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George Bancroft, History of the United States from the Discovery of the American Continent, Vol. 10 118 0 Browse Search
Harper's Encyclopedia of United States History (ed. Benson Lossing) 20 0 Browse Search
The Daily Dispatch: May 16, 1862., [Electronic resource] 2 0 Browse Search
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Harper's Encyclopedia of United States History (ed. Benson Lossing), Carey, Matthew 1760-1839 (search)
Ireland in the course of a year, where, in 1783, he edited the Freeman's journal, and established the Volunteer's journal. Because of a violent attack on Parliament, he was confined in Newgate Prison; and after his release he sailed for the United States, arriving in Philadelphia, Nov. 15, 1784. There he started the Pennsylvania Herald, the first newspaper in the country that gave accurate reports of legislative proceedings. He was always aggressive with his pen. He fought a duel with Colonel Oswald, editor of a rival newspaper. He married in 1791, and began business as a bookseller. He was active in works of benevolence during the prevalence of yellow fever in Philadelphia, and wrote and published a history of that epidemic. He was an associate of Bishop White and others in the formation of the first American Sunday-school society. While the War of 1812-15 was kindling he wrote much on political subjects, and in 1814 his Olive branch appeared, in which he attempted to harmoni
Harper's Encyclopedia of United States History (ed. Benson Lossing), Cornwallis, Lord Charles 1738-1805 (search)
ed British rights and was just. Good God! exclaimed Burke, are we yet to be told of the rights for which we went to war? O excellent rights! O valuable rights! Valuable you should be, for we have paid dear in parting with you. O valuable rights! that have cost Britain thirteen provinces, four islands, 100,000 men, and more than £ 70,000,000 ($350,000,000) of money. At the beginning of March Conway's proposition was adopted. Lord North, who, under the inspiration of the King, had misled the nation for twelve years, was relieved from office, and he and his fellow-ministers were succeeded by friends of peace. The King stormed, but was compelled to yield. Parliament resolved to end the war, and the King acquiesced with reluctance. Early in May (1782) Sir Guy Carleton arrived in New York, bearing propositions to Congress for reconciliation, and Richard Oswald, a London merchant, was sent to Paris as a diplomatic agent to confer with Franklin on the subject of a treaty of peace.
Harper's Encyclopedia of United States History (ed. Benson Lossing), Danbury, destruction of. (search)
Wooster, Arnold, and Silliman. A sharp skirmish ensued, in which Wooster was killed, and Arnold had a narrow escape from capture, after his horse had been shot under him. For his gallantry on that occasion the Congress presented him with a horse richly caparisoned. Tryon spent the night in the neighborhood for his troops to rest, and early the next morning he hurried to his ships, terribly smitten on the way by the gathering militia, and at the landing by cannon-shot directed by Lieutenant-Colonel Oswald. They escaped capture only through the gallant services of some marines led by General Erskine. About sunset the fleet departed, the British having lost about 300 men, including prisoners, during the invasion. The Americans lost about 100 men. The private losses of property at Danbury amounted to about $80,000. Danbury is now a city widely known for its extensive manufactures of hats, and has an assessed property valuation exceeding $11,500,000. The population in 1890 was 16,552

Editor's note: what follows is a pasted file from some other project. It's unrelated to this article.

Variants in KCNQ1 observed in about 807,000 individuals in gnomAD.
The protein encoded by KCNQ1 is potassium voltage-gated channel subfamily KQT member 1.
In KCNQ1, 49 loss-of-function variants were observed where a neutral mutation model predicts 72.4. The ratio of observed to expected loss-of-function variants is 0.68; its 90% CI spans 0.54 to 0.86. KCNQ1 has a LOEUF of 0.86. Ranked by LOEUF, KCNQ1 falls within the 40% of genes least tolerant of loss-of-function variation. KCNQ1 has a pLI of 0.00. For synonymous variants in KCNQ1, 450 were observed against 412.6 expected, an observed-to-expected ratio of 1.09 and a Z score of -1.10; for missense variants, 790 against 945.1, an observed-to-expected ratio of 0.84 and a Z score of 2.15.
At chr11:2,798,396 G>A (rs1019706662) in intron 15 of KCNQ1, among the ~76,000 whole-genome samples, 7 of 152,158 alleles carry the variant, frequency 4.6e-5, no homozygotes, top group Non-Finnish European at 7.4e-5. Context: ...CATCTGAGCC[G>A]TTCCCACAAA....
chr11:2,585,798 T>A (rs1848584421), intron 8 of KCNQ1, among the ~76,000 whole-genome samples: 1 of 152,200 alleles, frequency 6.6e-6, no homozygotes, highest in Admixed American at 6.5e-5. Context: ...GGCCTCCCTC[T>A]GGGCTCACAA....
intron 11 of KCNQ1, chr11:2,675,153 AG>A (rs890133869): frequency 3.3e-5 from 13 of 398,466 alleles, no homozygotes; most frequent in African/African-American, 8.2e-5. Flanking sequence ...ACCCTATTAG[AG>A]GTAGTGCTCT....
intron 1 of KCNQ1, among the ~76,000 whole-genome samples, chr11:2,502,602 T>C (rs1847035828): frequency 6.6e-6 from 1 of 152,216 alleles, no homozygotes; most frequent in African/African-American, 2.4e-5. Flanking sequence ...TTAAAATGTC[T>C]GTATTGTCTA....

Harper's Encyclopedia of United States History (ed. Benson Lossing), Monmouth, battle of (search)
ir, I desire to know what is the reason and whence comes this disorder and confusion? Lee replied sharply, You know the attack was contrary to my advice and opinion. The chief replied in a tone that indicated the depth of his indignation, You should not have undertaken the command unless you intended to carry it out. There was no time for altercation, and, wheeling his horse, he hastened to Ramsay and Stewart, in the rear, and soon rallied a greater portion of their regiments, and ordered Oswald to take post on an eminence near, with two guns. These pieces, skilfully handled, soon checked the enemy. Washington's presence inspired the troops with courage, and ten minutes after he appeared the retreat was ended. The troops, lately a fugitive mob, were soon in orderly battle array on an eminence on which Gen. Lord Stirling placed some batteries. The line, then, was commanded on the right by General Greene, and on the left by Stirling. The two armies now confronted each other. T
Harper's Encyclopedia of United States History (ed. Benson Lossing), Revolutionary War, (search)
the Tower of LondonDec. 31, 1781 Holland recognizes the independence of United States April 19, 1782 Sir Guy Carleton, appointed to succeed Clinton, lands in New York May 5, 1782 Orders received by Sir James Wright at Savannah for the evacuation of the province June 14, 1782 Savannah, Ga., evacuated by the British July 11, 1782 Treaty of amity and commerce concluded by Mr. Adams, on part of the United States, with HollandOct. 8, 1782 Preliminary articles of peace signed at Paris by Richard Oswald for Great Britain, and by John Adams, Benjamin Franklin, John Jay, and Henry Laurens for the United StatesNov. 30, 1782 British evacuate Charleston, S. C.Dec. 14, 1782 French army embarks from Boston for San Domingo, having been in the United States two years five months and fourteen days Dec. 24, 1782 Sweden recognizes independence of United States Feb. 5, 1783 Denmark recognizes independence of United States Feb. 25, 1783 Congress being unable to pay either officers or men of the